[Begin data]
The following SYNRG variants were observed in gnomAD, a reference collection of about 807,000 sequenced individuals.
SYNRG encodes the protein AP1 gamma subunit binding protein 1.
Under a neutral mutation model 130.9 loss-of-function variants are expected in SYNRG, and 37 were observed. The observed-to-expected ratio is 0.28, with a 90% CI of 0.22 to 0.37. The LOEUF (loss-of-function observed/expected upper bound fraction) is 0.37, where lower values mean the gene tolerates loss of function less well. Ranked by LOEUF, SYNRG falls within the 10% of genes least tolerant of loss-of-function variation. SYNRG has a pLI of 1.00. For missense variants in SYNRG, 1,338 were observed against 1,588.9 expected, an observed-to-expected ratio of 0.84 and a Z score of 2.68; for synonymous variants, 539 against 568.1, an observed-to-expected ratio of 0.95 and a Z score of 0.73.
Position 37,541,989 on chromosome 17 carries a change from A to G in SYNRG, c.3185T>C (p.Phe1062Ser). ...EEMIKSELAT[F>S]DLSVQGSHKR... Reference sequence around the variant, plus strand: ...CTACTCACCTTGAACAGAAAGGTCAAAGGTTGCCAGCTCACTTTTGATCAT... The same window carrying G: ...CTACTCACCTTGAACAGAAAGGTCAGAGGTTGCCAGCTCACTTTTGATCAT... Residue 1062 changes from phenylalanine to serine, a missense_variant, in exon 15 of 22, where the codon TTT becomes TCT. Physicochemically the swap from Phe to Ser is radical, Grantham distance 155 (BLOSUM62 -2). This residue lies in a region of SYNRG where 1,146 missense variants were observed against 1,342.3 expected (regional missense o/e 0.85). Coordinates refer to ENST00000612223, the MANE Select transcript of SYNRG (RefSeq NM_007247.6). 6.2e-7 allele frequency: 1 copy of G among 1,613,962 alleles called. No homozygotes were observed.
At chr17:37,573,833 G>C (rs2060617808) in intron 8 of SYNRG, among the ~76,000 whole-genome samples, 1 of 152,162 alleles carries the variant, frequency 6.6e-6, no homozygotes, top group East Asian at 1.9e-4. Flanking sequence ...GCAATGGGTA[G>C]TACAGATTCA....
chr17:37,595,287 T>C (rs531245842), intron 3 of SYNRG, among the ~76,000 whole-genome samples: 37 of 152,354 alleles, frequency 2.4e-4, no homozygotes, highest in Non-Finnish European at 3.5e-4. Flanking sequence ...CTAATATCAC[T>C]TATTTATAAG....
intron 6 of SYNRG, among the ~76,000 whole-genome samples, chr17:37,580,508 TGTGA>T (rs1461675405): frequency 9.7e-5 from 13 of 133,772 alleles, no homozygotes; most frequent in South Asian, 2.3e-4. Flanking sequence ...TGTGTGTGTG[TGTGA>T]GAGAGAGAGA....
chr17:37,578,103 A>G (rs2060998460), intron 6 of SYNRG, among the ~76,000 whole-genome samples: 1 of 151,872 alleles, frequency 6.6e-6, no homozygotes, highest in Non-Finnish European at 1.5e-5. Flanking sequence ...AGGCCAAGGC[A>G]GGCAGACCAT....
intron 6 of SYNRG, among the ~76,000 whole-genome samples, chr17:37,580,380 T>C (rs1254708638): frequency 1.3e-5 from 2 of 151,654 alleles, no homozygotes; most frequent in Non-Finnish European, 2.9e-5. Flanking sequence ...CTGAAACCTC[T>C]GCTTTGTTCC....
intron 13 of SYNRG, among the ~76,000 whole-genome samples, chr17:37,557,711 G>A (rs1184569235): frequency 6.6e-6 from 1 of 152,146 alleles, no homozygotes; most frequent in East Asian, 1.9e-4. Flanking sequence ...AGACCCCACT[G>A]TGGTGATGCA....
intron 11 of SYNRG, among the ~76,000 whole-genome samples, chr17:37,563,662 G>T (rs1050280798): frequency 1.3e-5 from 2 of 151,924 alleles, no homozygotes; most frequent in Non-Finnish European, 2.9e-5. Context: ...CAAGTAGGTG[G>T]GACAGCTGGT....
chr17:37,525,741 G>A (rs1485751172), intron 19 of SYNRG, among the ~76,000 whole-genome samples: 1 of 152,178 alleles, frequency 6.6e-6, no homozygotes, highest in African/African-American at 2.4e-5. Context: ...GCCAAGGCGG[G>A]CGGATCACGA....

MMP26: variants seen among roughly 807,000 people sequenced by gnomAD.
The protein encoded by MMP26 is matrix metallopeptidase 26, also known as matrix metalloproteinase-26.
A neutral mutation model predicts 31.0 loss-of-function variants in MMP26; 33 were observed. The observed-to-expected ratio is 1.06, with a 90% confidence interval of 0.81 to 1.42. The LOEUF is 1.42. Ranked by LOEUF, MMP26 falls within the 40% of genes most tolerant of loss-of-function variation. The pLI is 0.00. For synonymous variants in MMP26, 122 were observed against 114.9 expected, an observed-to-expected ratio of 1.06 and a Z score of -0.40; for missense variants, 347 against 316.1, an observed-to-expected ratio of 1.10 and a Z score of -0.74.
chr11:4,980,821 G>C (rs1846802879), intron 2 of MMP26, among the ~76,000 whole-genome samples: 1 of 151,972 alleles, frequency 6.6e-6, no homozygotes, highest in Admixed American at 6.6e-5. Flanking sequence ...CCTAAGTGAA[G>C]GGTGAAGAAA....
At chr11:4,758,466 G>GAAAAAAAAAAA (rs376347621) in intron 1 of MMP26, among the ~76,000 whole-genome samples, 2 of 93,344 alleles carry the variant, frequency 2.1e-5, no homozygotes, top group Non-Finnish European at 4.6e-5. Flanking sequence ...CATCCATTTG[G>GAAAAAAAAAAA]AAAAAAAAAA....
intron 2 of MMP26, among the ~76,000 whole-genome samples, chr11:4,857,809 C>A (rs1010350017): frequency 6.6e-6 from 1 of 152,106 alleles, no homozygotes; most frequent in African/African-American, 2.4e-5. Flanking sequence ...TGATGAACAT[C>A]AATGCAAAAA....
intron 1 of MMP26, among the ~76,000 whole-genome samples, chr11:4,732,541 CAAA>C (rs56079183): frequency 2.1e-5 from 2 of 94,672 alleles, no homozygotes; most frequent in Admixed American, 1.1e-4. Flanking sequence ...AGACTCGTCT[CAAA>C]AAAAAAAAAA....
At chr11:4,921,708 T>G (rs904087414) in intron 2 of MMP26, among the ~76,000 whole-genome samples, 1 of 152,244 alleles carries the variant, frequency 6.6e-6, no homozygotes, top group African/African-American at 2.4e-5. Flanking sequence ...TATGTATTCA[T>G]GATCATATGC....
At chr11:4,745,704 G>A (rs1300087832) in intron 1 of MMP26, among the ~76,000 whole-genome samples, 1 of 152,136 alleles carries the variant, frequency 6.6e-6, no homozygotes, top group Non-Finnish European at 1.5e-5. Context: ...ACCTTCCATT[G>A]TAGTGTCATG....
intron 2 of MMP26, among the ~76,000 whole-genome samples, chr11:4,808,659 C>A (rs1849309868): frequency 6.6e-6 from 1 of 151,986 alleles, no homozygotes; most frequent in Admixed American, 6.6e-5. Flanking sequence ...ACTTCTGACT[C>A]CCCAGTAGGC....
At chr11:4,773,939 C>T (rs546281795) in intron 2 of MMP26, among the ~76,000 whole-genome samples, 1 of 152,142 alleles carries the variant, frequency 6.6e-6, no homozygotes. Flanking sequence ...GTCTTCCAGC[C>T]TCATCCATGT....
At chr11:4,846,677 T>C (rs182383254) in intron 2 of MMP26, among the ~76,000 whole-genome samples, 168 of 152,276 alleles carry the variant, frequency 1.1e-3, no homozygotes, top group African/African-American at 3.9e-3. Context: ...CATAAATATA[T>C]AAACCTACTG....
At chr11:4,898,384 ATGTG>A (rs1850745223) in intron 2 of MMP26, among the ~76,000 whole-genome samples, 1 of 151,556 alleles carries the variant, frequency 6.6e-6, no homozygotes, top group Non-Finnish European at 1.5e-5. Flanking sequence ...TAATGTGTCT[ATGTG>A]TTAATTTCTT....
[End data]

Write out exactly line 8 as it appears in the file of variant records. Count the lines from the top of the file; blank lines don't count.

chr17:37,578,103 A>G (rs2060998460), intron 6 of SYNRG, among the ~76,000 whole-genome samples: 1 of 151,872 alleles, frequency 6.6e-6, no homozygotes, highest in Non-Finnish European at 1.5e-5. Flanking sequence ...AGGCCAAGGC[A>G]GGCAGACCAT....